Suzuki started her international comeback with a win at the Winter Universiade in 2007, then went on to win some other internationals such as the Golden Spin, the Aegon Challenge Cup, and the Finlandia Trophy in 2007 and 2008 before being selected for the NHK Trophy in fall 2008. Now she has established herself as one of the top Japanese Ladies, but is still in the shadow of super stars Asada and Ando.
“Before, figure skating wasn’t so popular in Japan, and now all the focus is on Miki and Mao, but it’s slowly starting for me in Nagoya,” Suzuki said. “But I don’t mind being less known. It’s better so I can live in peace,” she smiled.
The skater describes herself as “cheerful, but quiet and low-key and always composed”. At the same time, she is an emotional and enthusiastic person. This comes across especially when she skates well and her big smiles lights up the arena. She chose Irish music and Westside Story for her programs in the Olympic season – music that she was able to express very well.
“Shae-Lynn Bourne choreographed my free program. I was so inspired by their (Bourne/Kraatz) Riverdance (free dance),” Suzuki recalled. “Tango is my style, but Westside Story was something new and different for me, and I really liked skating to it. I had five suggestions for the free program music and I picked Westside Story.”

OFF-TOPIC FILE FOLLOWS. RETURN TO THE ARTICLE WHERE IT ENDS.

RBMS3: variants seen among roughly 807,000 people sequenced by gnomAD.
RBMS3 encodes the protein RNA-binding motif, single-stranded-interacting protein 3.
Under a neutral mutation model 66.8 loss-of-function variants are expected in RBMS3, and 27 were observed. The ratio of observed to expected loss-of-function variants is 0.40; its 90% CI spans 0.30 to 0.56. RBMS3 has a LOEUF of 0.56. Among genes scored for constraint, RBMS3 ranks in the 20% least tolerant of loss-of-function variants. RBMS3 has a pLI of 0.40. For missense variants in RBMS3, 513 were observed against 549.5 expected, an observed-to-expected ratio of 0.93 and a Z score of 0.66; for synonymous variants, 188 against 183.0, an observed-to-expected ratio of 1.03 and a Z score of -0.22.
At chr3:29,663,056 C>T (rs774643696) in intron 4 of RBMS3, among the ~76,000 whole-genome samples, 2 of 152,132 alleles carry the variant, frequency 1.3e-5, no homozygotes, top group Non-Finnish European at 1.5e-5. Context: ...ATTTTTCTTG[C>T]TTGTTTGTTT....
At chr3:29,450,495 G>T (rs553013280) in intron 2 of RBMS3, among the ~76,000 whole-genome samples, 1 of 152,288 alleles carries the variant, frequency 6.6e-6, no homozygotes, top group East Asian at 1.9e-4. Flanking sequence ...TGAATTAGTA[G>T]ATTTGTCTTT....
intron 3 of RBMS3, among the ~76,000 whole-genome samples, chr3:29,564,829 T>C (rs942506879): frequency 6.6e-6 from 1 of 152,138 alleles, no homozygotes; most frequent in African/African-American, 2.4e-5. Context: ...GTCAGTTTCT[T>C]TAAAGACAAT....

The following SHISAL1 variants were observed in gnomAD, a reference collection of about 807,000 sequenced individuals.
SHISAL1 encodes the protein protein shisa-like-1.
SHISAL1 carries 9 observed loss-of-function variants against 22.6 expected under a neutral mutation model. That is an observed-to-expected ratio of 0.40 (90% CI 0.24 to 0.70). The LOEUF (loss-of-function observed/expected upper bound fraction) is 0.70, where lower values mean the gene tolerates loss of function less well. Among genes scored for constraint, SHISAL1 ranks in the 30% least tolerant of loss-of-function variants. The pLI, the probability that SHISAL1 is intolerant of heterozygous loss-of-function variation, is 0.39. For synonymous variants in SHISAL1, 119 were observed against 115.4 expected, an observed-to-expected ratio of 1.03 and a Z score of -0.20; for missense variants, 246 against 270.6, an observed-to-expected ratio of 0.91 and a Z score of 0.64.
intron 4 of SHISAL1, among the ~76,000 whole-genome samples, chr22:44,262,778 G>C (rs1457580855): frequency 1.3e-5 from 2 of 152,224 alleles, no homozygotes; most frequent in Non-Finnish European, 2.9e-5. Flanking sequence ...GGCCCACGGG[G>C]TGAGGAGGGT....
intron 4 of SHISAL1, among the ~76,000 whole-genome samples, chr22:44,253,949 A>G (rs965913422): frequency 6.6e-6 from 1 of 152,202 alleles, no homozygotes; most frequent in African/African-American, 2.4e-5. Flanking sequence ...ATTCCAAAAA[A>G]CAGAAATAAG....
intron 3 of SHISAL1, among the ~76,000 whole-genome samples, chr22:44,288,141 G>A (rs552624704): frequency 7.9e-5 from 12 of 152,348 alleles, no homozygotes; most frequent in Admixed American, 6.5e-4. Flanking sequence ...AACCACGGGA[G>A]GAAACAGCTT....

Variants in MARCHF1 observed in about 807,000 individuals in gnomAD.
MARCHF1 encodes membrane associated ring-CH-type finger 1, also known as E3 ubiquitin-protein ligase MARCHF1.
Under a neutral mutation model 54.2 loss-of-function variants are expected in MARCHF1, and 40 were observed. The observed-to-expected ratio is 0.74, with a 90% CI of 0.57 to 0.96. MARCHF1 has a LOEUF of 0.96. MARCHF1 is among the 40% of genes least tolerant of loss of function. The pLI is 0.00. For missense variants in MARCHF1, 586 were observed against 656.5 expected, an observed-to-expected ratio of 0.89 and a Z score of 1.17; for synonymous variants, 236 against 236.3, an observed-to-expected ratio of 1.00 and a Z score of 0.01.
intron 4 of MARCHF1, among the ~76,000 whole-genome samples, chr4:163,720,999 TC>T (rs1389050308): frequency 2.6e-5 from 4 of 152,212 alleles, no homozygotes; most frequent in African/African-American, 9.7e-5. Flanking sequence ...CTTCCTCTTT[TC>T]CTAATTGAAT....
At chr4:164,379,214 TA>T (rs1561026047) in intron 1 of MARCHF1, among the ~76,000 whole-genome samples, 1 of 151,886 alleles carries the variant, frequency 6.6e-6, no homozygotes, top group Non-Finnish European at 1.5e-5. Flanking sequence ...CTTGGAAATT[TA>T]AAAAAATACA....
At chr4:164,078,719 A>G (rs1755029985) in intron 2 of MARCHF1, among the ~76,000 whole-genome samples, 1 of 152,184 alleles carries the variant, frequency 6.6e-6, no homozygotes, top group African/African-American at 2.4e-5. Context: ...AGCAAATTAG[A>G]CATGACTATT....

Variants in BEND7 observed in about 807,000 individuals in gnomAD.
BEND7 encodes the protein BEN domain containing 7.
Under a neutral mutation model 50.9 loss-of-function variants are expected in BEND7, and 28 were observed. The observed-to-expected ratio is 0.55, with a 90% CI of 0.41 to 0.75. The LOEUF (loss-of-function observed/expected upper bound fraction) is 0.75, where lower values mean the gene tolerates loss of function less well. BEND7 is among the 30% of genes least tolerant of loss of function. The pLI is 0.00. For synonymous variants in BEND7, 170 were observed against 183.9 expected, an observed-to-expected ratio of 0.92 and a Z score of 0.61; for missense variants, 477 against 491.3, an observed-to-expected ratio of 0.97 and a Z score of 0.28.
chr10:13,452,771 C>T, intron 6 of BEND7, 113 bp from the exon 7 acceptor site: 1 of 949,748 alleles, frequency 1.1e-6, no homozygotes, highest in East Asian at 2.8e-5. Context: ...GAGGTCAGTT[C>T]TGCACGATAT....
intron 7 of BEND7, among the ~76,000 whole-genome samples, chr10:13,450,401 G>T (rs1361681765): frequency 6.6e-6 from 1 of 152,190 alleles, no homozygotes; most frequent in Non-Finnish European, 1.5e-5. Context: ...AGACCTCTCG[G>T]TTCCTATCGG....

The Japanese sees footwork as her strength as a skater, and was very proud when she was awarded a rare level four for the straight line footwork at the Four Continents Championships in February. “The spins are my weakness,” she admitted. “They are a bit slow.”
Suzuki trains three to five hours on the ice six days a week in Nagoya and does yoga for off-ice training. She has one day a week off. “Then I like going to yoga classes, to relax or I go to Starbucks and sit there to read,” she said. “I like when it’s lively around me.”
As a child, she tried many activities such as swimming, playing the piano, calligraphy, and skating, “but I really liked the training,” and so she stuck with it. Her idol as a young skater was Michelle Kwan.
Suzuki follows no special ritual when training or competing, but her little talisman, a statue of the Indian elephant-headed god Ganesh, is always with her. “I take it everywhere, and when I’m nervous, I put my hand on it.” So when asked what three things she’d take to an isolated island, she doesn’t have to think long: “The Ganesh statue, music, and food.”
The 25-year-old is planning to compete next season and her goal is to skate in her home country at the World Championships in Tokyo, Japan. But she also has made plans for the time after her competitive career. “In the future, I’d like to skate in shows and I’d like to dedicate myself to choreography,” Suzuki revealed. She looks up to Shae-Lynn Bourne in this field. With her dedication, love for skating, and character on the ice, Suzuki no doubt should become a successful choreographer.